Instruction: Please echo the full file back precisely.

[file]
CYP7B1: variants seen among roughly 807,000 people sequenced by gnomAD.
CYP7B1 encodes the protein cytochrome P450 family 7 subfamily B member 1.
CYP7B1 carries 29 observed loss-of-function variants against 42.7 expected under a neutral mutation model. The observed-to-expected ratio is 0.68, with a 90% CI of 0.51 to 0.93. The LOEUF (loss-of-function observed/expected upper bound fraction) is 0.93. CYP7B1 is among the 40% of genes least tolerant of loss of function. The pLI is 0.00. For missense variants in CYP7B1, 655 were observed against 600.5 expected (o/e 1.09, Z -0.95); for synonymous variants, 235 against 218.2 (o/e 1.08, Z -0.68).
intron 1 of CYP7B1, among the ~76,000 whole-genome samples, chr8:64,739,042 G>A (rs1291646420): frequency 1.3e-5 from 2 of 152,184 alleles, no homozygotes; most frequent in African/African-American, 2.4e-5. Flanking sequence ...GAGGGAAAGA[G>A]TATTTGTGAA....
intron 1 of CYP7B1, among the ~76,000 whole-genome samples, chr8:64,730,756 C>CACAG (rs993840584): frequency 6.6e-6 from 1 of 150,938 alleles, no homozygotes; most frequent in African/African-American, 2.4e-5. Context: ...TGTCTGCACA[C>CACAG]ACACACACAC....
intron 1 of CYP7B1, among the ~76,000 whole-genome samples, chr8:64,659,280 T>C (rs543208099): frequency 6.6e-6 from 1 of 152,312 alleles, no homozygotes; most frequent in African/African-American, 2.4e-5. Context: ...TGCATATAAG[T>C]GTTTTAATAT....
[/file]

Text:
CYP7B1: variants seen among roughly 807,000 people sequenced by gnomAD.
CYP7B1 encodes the protein cytochrome P450 family 7 subfamily B member 1.
CYP7B1 carries 29 observed loss-of-function variants against 42.7 expected under a neutral mutation model. The observed-to-expected ratio is 0.68, with a 90% CI of 0.51 to 0.93. The LOEUF (loss-of-function observed/expected upper bound fraction) is 0.93. CYP7B1 is among the 40% of genes least tolerant of loss of function. The pLI is 0.00. For missense variants in CYP7B1, 655 were observed against 600.5 expected (o/e 1.09, Z -0.95); for synonymous variants, 235 against 218.2 (o/e 1.08, Z -0.68).
intron 1 of CYP7B1, among the ~76,000 whole-genome samples, chr8:64,739,042 G>A (rs1291646420): frequency 1.3e-5 from 2 of 152,184 alleles, no homozygotes; most frequent in African/African-American, 2.4e-5. Flanking sequence ...GAGGGAAAGA[G>A]TATTTGTGAA....
intron 1 of CYP7B1, among the ~76,000 whole-genome samples, chr8:64,730,756 C>CACAG (rs993840584): frequency 6.6e-6 from 1 of 150,938 alleles, no homozygotes; most frequent in African/African-American, 2.4e-5. Context: ...TGTCTGCACA[C>CACAG]ACACACACAC....
intron 1 of CYP7B1, among the ~76,000 whole-genome samples, chr8:64,659,280 T>C (rs543208099): frequency 6.6e-6 from 1 of 152,312 alleles, no homozygotes; most frequent in African/African-American, 2.4e-5. Context: ...TGCATATAAG[T>C]GTTTTAATAT....